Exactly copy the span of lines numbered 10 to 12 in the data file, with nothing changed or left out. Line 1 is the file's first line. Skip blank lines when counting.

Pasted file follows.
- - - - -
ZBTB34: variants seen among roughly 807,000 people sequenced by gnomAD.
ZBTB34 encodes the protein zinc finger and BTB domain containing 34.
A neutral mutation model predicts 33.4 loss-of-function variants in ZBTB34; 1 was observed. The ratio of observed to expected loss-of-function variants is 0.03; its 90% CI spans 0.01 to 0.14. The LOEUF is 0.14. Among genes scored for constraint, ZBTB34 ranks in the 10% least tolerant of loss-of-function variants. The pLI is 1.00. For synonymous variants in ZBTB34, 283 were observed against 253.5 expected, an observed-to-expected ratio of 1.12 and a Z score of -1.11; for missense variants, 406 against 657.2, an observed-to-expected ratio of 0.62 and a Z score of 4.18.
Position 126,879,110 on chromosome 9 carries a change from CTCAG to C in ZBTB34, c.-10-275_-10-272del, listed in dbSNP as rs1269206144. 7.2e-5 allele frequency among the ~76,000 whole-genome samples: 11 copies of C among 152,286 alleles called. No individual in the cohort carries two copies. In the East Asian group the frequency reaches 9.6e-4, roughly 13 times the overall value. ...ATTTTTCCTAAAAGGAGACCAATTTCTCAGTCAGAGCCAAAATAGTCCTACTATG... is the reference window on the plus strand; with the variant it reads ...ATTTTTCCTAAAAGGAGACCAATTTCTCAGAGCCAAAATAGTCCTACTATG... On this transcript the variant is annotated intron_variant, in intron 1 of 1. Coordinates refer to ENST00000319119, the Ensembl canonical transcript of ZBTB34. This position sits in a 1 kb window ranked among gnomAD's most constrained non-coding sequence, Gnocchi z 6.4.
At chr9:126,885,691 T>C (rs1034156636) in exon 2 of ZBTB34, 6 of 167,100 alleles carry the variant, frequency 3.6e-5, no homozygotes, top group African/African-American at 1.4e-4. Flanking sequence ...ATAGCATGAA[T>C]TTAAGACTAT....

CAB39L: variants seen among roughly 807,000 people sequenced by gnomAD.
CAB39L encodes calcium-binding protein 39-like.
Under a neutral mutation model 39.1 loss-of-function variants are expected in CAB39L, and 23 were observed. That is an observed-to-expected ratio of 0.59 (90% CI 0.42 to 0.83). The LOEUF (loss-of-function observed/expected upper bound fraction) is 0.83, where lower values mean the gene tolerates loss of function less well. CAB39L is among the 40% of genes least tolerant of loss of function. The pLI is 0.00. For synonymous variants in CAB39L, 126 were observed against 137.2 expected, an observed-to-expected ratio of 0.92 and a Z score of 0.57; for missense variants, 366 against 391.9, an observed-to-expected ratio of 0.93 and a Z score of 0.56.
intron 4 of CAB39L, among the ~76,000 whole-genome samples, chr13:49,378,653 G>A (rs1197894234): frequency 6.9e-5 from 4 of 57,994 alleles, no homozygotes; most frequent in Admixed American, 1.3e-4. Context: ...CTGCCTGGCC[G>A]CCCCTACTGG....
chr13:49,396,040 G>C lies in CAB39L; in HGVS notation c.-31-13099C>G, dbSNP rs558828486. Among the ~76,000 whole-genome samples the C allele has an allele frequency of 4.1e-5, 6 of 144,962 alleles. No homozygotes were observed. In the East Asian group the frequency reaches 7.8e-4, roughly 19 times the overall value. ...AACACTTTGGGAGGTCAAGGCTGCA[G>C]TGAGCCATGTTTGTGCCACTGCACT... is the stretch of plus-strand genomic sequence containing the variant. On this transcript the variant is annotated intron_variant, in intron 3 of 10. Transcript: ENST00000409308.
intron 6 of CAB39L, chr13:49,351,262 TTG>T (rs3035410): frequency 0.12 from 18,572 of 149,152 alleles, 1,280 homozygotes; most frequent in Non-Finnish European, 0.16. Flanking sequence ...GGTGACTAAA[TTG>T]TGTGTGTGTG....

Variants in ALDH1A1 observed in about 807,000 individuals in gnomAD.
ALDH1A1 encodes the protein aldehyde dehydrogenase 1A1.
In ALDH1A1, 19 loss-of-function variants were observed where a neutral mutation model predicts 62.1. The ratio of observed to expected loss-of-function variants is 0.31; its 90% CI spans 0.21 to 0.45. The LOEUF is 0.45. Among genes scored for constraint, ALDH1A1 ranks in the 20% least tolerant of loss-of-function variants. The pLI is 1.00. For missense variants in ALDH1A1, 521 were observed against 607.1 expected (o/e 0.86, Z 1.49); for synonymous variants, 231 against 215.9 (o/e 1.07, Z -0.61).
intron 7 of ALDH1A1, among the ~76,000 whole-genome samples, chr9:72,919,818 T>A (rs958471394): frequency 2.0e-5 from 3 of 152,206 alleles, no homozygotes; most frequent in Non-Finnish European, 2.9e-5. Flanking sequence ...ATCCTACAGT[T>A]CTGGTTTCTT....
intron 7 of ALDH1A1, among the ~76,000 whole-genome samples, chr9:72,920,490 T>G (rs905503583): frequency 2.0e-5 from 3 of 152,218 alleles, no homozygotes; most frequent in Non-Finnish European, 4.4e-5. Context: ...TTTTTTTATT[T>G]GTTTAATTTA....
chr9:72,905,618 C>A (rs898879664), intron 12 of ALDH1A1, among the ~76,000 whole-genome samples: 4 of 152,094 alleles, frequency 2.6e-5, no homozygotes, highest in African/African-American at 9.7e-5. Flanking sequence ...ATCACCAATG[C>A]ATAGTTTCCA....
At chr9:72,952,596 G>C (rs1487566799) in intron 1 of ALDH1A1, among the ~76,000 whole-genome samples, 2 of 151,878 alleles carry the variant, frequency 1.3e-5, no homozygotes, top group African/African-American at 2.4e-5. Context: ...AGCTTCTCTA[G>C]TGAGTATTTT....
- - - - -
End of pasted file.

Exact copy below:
chr13:49,396,040 G>C lies in CAB39L; in HGVS notation c.-31-13099C>G, dbSNP rs558828486. Among the ~76,000 whole-genome samples the C allele has an allele frequency of 4.1e-5, 6 of 144,962 alleles. No homozygotes were observed. In the East Asian group the frequency reaches 7.8e-4, roughly 19 times the overall value. ...AACACTTTGGGAGGTCAAGGCTGCA[G>C]TGAGCCATGTTTGTGCCACTGCACT... is the stretch of plus-strand genomic sequence containing the variant. On this transcript the variant is annotated intron_variant, in intron 3 of 10. Transcript: ENST00000409308.
intron 6 of CAB39L, chr13:49,351,262 TTG>T (rs3035410): frequency 0.12 from 18,572 of 149,152 alleles, 1,280 homozygotes; most frequent in Non-Finnish European, 0.16. Flanking sequence ...GGTGACTAAA[TTG>T]TGTGTGTGTG....

Variants in ALDH1A1 observed in about 807,000 individuals in gnomAD.